In United States v. White, supra at 751 of 401 U.S., at 1126 of 91 S.Ct., the use of an electronic transmitting device to monitor and permit recording of an informer's conversations with a defendant was considered. In considering that question, the Supreme Court recognized that an undercover police agent might write down his conversation with a defendant for official use and later testify concerning that writing without a warrant authorizing the agent's encounters with the defendant. The court acknowledged that, for constitutional purposes, no different result would occur if the agent simultaneously recorded a conversation by use of equipment on his person or carried *477 transmitting equipment to permit other agents to monitor the conversations or record them at another location. The court concluded at page 751 of 401 U.S., at page 1126 of 91 S.Ct.:

. . . . . If the conduct and revelations of an agent operating without electronic equipment do not invade the defendant's constitutionally justifiable expectations of privacy, neither does a simultaneous recording of the same conversations made by the agent or by others from transmissions received from the agent to whom the defendant is talking and whose trustworthiness the defendant necessarily risks.

There is no assertion by Appellant that Ruth is barred from testifying in person by any privilege or established rule of law. Recordings of conversations between a defendant and a former wife, made with the consent and knowledge of the former wife, are admissable. No Fourth Amendment privilege requires otherwise. Such statements, if relevant, are admissions made by Appellant. Appellant's misplaced trust that Ruth would not divulge the statements made to her was not a constitutionally protected expectation of privacy.

Notwithstanding our finding that Appellant's Fourth Amendment expectations are unfounded, Appellant urges that Missouri adopt more restrictive principles as to searches and seizures, pursuant to Article I, Section 15 of the Missouri Constitution, than those principles required by the Fourth Amendment.

We note that tape recordings have been used in previous Missouri cases. See State v. Spica, 389 S.W.2d 35 (Mo.1965); State v. Brown, 607 S.W.2d 881 (Mo.App.1980); and State v. Montgomery, 590 S.W.2d 105, 108 (Mo.App.1979). Certainly, the use of evidence obtained by electronic eavesdropping is fraught with Constitutional dangers. However, after careful review of federal decisions relating to electronic surveillance and the rationales thereof, we do not believe Article I, Section 15 requirements to be more restrictive than those of the Fourth Amendment. The trial judge did not err in holding that the tape recordings admitted in evidence were not products of unlawful searches and seizures.

Appellant next complains that the use of transcripts by the jury of two tape recordings admitted as evidence was error.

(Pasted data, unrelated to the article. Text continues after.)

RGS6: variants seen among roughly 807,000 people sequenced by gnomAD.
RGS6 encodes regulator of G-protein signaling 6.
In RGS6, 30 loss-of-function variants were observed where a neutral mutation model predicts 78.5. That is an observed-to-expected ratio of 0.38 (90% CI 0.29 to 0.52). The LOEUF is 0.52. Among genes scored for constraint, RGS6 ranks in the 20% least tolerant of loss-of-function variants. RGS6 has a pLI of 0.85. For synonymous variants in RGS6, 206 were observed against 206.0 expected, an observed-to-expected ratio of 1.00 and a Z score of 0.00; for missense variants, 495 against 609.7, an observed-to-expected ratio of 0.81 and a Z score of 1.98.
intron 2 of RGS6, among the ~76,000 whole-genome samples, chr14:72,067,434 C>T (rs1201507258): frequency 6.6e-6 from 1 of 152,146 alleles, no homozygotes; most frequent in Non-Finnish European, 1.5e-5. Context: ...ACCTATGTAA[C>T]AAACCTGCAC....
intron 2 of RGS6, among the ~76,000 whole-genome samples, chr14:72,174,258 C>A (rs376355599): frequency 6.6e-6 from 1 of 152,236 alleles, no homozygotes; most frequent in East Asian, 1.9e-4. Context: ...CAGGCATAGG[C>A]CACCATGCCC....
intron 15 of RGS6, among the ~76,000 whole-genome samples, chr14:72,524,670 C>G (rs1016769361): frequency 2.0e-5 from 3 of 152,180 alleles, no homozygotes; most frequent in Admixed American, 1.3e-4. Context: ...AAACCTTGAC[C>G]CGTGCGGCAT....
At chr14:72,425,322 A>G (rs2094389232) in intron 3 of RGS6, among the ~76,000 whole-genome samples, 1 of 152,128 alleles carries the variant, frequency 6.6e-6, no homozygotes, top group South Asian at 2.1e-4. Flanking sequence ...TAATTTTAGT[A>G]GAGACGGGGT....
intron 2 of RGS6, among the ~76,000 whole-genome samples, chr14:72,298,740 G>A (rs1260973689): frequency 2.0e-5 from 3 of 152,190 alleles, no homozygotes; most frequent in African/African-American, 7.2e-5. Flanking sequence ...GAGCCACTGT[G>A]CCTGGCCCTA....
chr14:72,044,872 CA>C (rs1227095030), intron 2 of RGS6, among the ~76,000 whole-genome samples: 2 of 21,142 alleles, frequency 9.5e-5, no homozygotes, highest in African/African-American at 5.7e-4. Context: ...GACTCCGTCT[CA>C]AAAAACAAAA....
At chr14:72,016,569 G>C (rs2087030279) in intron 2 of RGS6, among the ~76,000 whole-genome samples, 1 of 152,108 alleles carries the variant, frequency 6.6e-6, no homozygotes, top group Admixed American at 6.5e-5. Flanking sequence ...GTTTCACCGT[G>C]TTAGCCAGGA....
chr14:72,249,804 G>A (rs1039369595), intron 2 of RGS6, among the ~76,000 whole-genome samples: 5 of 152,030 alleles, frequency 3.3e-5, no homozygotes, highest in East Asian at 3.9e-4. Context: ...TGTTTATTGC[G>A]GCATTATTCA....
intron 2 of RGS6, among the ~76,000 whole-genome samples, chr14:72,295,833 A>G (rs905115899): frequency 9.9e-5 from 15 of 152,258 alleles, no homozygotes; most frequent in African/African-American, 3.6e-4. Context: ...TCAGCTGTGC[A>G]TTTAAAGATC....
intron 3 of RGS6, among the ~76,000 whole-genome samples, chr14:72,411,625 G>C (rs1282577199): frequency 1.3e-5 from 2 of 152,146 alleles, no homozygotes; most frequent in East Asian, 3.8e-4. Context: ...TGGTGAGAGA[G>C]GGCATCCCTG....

Initially, at trial, the state planned to play certain tape recordings of conversations between Appellant and his former wife for the jury. After establishing by testimony the identity of the participants in the conversation and the accuracy of the recording, a first tape was played for the jury. Then, after establishing a foundation, a second tape was played for the jury. Following the playing of the second tape recording, the prosecutor undertook to inquire of the witness who had participated in the conversation with Appellant (his former wife) "about things that were said on there, on page 2 of the transcript."

Appellant's attorney posed an objection that further inquiry would be repetitious and cumulative. He later posed the additional objection that to permit the inquiry would result in the witness giving her conclusions as to what was intended by the comment. The trial judge indicated his intention to sustain the objection.

Considerable discussion followed out of the hearing of the jury. The prosecutor indicated that he had agreed not to give transcripts to the jury but expressed concern that there was background noise on the second tape and represented the difficulty in hearing the transcript as one of the occasions when it is permissible to provide transcripts to the jury.

Further discussions established that portions of the tape recording were not audible. The prosecutor was told that he could either elicit testimony from the witness as to admissions made to her by Appellant or elect to play tape recordings of Appellant's statements but not first play tape recordings and thereafter inquire of the witness as to the meaning of the conversation. Following the trial court's sustaining objections to the prosecutor's further attempts to *478 inquire about the content of the tape recording, the court recessed. During that recess the court substantiated parts of the second recording (state's exhibit 47A) as being unintelligible and concluded that if that recording was to be meaningful to the jury, the jury would require some form of guidance.

The parties stipulated that an available transcript of the tape recording was accurate. The trial court then made the finding "... that 47A should be replayed to the jury, with a transcript in hand of each juror; that the next two tapes, 48A and 49A, require no transcript; 50A will also require a transcript in hand."

The parties stipulated as to the accuracy of the transcripts of the two tapes which were determined to be inaudible. The trial then resumed.

The jury was advised by the judge that the tape recording would be replayed and that the jurors would have transcripts for their aid. The trial judge further stated to the jury:

"THE COURT: The court is going to instruct you upon the law of having a transcript while listening to a piece of evidence. These transcripts are given to you to assist while listening to certain tape recordings which are evidence in this case. However the transcripts are not evidence or proof of any fact. If the transcripts do not correctly reflect the content of the tape recordings you should disregard them. In other words the transcripts are used only as a matter of convenience. So ifand to the extent that the transcript differs from what you hear on the tape recording, you are to disregard the transcript."